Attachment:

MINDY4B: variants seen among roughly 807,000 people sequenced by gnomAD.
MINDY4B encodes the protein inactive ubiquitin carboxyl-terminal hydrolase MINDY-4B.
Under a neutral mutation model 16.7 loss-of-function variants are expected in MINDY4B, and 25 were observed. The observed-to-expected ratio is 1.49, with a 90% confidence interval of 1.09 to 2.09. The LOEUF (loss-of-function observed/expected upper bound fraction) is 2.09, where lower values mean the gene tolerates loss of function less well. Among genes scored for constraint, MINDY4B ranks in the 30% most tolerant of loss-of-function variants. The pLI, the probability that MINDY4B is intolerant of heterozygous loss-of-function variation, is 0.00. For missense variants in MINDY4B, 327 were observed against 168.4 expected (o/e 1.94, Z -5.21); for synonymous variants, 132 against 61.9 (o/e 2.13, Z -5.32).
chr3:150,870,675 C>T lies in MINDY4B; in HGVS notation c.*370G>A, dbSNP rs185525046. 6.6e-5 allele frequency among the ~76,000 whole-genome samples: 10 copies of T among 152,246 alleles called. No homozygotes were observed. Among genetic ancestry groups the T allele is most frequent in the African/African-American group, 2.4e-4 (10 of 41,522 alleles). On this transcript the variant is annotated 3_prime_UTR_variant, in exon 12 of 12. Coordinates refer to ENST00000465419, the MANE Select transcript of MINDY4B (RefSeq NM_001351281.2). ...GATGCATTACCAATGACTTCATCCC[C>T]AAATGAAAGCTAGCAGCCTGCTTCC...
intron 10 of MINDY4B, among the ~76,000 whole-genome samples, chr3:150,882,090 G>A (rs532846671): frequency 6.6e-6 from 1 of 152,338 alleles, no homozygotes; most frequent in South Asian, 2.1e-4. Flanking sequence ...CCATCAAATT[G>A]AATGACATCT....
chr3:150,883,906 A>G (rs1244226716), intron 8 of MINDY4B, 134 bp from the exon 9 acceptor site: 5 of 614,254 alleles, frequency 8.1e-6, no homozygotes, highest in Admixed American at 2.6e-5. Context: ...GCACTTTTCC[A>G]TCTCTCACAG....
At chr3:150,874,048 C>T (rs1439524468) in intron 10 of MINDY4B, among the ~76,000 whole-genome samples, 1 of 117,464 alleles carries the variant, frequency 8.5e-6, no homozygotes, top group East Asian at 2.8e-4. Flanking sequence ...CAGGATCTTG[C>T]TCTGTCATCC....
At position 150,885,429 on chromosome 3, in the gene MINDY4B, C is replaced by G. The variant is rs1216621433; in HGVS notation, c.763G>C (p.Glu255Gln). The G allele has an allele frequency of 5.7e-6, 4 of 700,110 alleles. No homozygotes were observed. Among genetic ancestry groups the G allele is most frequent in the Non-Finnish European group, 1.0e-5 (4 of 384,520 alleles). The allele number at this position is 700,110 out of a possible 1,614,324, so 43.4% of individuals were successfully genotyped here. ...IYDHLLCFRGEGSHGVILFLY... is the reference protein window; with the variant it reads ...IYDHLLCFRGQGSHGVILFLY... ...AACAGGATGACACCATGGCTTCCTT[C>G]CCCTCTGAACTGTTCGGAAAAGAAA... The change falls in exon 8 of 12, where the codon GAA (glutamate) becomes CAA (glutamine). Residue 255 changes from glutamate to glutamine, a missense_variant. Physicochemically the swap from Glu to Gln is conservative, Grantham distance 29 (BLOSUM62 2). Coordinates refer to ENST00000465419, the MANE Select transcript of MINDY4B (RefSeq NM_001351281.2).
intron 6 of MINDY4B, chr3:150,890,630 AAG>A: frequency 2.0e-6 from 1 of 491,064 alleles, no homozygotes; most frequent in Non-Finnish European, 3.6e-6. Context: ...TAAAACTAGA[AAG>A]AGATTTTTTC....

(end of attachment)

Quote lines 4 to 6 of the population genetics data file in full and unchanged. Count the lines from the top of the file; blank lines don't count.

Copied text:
chr3:150,870,675 C>T lies in MINDY4B; in HGVS notation c.*370G>A, dbSNP rs185525046. 6.6e-5 allele frequency among the ~76,000 whole-genome samples: 10 copies of T among 152,246 alleles called. No homozygotes were observed. Among genetic ancestry groups the T allele is most frequent in the African/African-American group, 2.4e-4 (10 of 41,522 alleles). On this transcript the variant is annotated 3_prime_UTR_variant, in exon 12 of 12. Coordinates refer to ENST00000465419, the MANE Select transcript of MINDY4B (RefSeq NM_001351281.2). ...GATGCATTACCAATGACTTCATCCC[C>T]AAATGAAAGCTAGCAGCCTGCTTCC...
intron 10 of MINDY4B, among the ~76,000 whole-genome samples, chr3:150,882,090 G>A (rs532846671): frequency 6.6e-6 from 1 of 152,338 alleles, no homozygotes; most frequent in South Asian, 2.1e-4. Flanking sequence ...CCATCAAATT[G>A]AATGACATCT....
chr3:150,883,906 A>G (rs1244226716), intron 8 of MINDY4B, 134 bp from the exon 9 acceptor site: 5 of 614,254 alleles, frequency 8.1e-6, no homozygotes, highest in Admixed American at 2.6e-5. Context: ...GCACTTTTCC[A>G]TCTCTCACAG....